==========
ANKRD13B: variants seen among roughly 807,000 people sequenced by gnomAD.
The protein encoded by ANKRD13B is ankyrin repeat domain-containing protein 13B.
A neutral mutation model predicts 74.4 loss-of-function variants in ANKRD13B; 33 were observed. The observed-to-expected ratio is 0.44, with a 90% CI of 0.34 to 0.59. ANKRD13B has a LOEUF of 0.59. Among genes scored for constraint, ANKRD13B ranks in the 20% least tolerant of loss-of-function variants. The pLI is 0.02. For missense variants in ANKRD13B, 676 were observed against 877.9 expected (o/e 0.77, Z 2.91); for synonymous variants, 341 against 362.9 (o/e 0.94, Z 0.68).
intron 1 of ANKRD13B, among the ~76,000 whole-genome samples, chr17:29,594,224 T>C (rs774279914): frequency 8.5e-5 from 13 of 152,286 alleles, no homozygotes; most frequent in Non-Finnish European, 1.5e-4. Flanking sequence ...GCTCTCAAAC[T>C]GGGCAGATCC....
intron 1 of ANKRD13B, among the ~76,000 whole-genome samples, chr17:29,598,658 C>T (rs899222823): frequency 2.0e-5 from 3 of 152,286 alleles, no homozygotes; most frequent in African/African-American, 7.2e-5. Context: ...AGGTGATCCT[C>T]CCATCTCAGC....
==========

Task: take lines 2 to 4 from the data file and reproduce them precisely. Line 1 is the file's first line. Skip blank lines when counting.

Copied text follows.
The protein encoded by ANKRD13B is ankyrin repeat domain-containing protein 13B.
A neutral mutation model predicts 74.4 loss-of-function variants in ANKRD13B; 33 were observed. The observed-to-expected ratio is 0.44, with a 90% CI of 0.34 to 0.59. ANKRD13B has a LOEUF of 0.59. Among genes scored for constraint, ANKRD13B ranks in the 20% least tolerant of loss-of-function variants. The pLI is 0.02. For missense variants in ANKRD13B, 676 were observed against 877.9 expected (o/e 0.77, Z 2.91); for synonymous variants, 341 against 362.9 (o/e 0.94, Z 0.68).
intron 1 of ANKRD13B, among the ~76,000 whole-genome samples, chr17:29,594,224 T>C (rs774279914): frequency 8.5e-5 from 13 of 152,286 alleles, no homozygotes; most frequent in Non-Finnish European, 1.5e-4. Flanking sequence ...GCTCTCAAAC[T>C]GGGCAGATCC....